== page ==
The war on school choice in North Carolina continues. The Left and Democrats in this state have made their hatred for school choice (charter schools, homeschooling, and Opportunity Scholarships) very well-known.
This time the salvo is targeting virtual charter schools. Here’s the overall theme: All charter schools are evil and if it’s a virtual charter school, then it is double evil.
Why all the amped-up School Choice hate?
Traditional public schools, which still educate the majority of students in North Carolina, saw enrollment fall by 5,562 students, down to 1,454,290, from 2016 to 2017.
Charter schools saw the greatest jump, with 11,437 new students in 2017, followed by home schools, with 9,579 new students, and private schools, with 2,864 more students in 2017, according to state data, which was first reported by The News & Observer.
This trend of parents fleeing public schools has continued into 2018.
Kris Nordstrom & The Left’s Virtual Charter Narrative
Here’s Nordstrom’ “headline”:
Legislators should reject efforts to extend failed virtual charter school “pilot”
If you understand upfront that Kris Nordstrom is totally and utterly unhinged in his hatred of Charter schools and just about every single school choice options other than public school, then his article makes more sense when you read it.
Nordstrom uses these three arguments prove that the virtual charter pilot should be shuttered:
- NC virtual charter laws eschew best practices, reflecting the aggressive lobbying efforts of for-profit corporations
- North Carolina’s virtual charter schools are arguably the worst-performing in the state, consistent with national research
- Other states are shutting down their failed virtual charter schools
And The Point-by-Point Rebuttal
1. OH NOES. LOBBYING IS BAD.
Lobbying is bad – unless it’s being done by Nordstrom’s employer, the NC Justice Center.
NC Justice Center employs a mere 7 lobbyists. But I’m sure Mr. Nordstrom would tell us that they’re all ‘good’ ones.
How much did they spend in lobbying the last few years? Take a gander.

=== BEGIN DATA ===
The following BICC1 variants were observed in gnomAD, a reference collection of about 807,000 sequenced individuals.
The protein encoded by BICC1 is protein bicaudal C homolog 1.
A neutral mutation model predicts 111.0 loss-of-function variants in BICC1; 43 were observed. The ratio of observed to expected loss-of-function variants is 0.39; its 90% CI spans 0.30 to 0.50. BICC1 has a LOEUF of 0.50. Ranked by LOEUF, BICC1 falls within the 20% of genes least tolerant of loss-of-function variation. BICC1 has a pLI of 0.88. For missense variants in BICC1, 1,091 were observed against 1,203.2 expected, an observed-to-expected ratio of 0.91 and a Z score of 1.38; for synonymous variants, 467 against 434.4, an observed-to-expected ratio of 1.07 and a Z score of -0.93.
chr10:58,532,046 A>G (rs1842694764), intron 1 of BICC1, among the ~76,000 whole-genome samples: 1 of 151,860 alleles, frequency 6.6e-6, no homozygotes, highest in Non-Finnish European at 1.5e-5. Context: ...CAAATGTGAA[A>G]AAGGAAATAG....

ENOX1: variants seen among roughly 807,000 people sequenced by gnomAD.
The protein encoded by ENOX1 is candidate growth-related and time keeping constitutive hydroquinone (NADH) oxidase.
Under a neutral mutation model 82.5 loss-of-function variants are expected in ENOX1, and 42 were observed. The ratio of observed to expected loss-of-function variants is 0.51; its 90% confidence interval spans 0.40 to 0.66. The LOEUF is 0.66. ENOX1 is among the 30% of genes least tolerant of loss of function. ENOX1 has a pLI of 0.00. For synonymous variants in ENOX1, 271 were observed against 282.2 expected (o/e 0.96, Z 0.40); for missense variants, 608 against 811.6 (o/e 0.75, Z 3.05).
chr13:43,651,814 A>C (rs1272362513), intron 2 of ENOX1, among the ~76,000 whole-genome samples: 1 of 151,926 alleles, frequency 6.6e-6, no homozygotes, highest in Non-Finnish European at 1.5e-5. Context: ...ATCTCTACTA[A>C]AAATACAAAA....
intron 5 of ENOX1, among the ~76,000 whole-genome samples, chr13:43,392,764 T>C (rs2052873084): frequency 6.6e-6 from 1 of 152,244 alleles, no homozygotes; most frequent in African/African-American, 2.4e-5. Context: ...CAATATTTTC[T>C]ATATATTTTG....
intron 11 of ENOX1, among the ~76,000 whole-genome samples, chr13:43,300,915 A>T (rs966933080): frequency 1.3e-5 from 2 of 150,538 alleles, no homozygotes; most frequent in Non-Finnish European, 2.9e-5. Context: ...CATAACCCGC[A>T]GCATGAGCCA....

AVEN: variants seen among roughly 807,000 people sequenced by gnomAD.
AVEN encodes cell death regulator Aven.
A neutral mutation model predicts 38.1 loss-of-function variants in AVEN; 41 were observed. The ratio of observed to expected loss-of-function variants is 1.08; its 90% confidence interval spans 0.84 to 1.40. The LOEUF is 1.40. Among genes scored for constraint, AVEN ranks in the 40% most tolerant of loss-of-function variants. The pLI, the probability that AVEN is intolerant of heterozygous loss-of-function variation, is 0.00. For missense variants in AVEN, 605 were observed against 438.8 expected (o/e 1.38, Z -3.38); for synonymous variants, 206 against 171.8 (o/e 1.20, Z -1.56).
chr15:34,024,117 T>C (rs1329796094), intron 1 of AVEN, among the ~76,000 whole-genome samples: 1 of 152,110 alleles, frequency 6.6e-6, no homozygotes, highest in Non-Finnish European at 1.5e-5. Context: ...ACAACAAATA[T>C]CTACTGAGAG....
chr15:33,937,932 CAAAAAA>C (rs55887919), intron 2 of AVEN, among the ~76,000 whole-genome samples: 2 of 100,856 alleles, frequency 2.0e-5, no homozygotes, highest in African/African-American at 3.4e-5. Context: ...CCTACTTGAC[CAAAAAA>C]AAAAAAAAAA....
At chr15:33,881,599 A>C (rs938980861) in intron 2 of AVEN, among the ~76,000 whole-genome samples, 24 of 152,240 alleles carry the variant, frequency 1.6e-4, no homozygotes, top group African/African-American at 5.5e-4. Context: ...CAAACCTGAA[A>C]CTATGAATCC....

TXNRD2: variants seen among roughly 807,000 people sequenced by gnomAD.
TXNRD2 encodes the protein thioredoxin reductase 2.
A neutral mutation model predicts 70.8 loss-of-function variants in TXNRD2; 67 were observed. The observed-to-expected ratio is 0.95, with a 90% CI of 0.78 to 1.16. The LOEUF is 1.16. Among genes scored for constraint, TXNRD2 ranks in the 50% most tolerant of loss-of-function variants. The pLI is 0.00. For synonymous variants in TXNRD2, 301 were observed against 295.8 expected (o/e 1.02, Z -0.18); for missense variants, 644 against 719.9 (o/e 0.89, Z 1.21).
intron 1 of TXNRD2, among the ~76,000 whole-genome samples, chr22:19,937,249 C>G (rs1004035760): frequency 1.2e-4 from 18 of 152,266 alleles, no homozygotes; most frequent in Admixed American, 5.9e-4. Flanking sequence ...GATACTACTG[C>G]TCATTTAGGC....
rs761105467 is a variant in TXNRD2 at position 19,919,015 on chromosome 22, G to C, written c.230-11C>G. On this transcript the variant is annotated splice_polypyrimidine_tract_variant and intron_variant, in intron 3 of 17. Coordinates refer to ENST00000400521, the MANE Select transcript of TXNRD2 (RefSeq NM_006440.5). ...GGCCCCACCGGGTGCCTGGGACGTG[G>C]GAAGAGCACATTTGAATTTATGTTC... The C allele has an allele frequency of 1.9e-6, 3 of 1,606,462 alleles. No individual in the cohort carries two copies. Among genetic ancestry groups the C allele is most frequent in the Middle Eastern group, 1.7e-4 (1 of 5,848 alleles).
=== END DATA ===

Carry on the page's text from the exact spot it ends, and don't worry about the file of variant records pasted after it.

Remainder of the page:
2. Nordstrom equates the success of these two virtual charters with student growth.
This kind of flexible enrollment is hard to track. One kid might get what they need in a single class and leave. Another might be in it for several semesters.
There is a multitude of reasons they leave. WRAL actually does a decent report on the reasons for leaving and staying. Read that report here.
3. If everyone else is doing it, we should too.
Yes, and teens are taking the tide pod challenge too, Kris. Didn’t your mom ever use that time-honored phrase? If everyone jumped off a cliff, would you do it too?
Here’s a dose of reality, which Nordstrom includes in his article yet basically ignores what it says: Virtual Public School enrollment in NC now 2nd-largest in country
While the NCVPS may be unfamiliar to many North Carolina residents and not every school system cooperates with its program, the state has the second-largest virtual public school system in the country, with enrollment climbing from 17,000 at inception in 2007 to 58,000 students across the state today. Only Florida has higher enrollment in its comparable program.
But let’s chuck that baby out with the bath water. Two virtual charter schools with varying enrollment and satisfaction must be a sure sign of the apocalypse, right?
I’ll agree with Nordstrom on one thing: Failing schools should be closed.
If we can shut down a failing virtual charter based on the criteria Nordstrom uses in his article, then how about we shut down one of the dozens of the public schools that have been failing for a decade or more? Right? Those are his rules.
“Lawmakers appear uninterested in any serious evaluation of North Carolina’s virtual charter schools.”
Now replace “Lawmakers” with “Nordstrom.”
John Hood recently took a swing at Kris “I live to be an arrogant jackass’ Nordstrom: